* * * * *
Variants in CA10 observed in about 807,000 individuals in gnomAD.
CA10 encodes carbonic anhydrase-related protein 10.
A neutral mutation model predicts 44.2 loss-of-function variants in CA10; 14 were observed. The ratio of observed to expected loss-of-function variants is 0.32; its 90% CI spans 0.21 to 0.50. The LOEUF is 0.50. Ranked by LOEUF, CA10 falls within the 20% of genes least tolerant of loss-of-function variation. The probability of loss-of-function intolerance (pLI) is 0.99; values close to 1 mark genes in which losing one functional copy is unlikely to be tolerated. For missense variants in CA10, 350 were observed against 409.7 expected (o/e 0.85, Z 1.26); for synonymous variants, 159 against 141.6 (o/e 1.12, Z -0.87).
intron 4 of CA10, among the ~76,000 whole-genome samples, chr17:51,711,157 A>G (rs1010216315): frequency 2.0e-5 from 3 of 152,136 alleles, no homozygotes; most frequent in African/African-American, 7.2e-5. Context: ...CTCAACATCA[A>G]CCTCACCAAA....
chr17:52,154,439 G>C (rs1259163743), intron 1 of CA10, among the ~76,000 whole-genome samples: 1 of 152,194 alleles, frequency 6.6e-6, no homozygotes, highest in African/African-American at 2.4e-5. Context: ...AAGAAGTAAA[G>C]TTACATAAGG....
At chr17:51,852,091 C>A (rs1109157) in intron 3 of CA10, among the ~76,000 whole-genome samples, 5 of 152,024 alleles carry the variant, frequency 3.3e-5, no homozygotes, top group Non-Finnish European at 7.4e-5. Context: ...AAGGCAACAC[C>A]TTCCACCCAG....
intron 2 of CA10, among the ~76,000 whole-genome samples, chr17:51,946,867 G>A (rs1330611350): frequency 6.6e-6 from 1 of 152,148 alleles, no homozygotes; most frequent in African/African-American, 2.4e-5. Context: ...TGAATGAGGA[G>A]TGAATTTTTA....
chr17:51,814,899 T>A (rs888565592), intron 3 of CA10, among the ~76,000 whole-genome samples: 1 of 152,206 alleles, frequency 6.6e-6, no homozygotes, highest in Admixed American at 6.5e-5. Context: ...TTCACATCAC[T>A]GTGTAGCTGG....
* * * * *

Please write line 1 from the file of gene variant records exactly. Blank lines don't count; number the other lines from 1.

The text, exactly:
Variants in CA10 observed in about 807,000 individuals in gnomAD.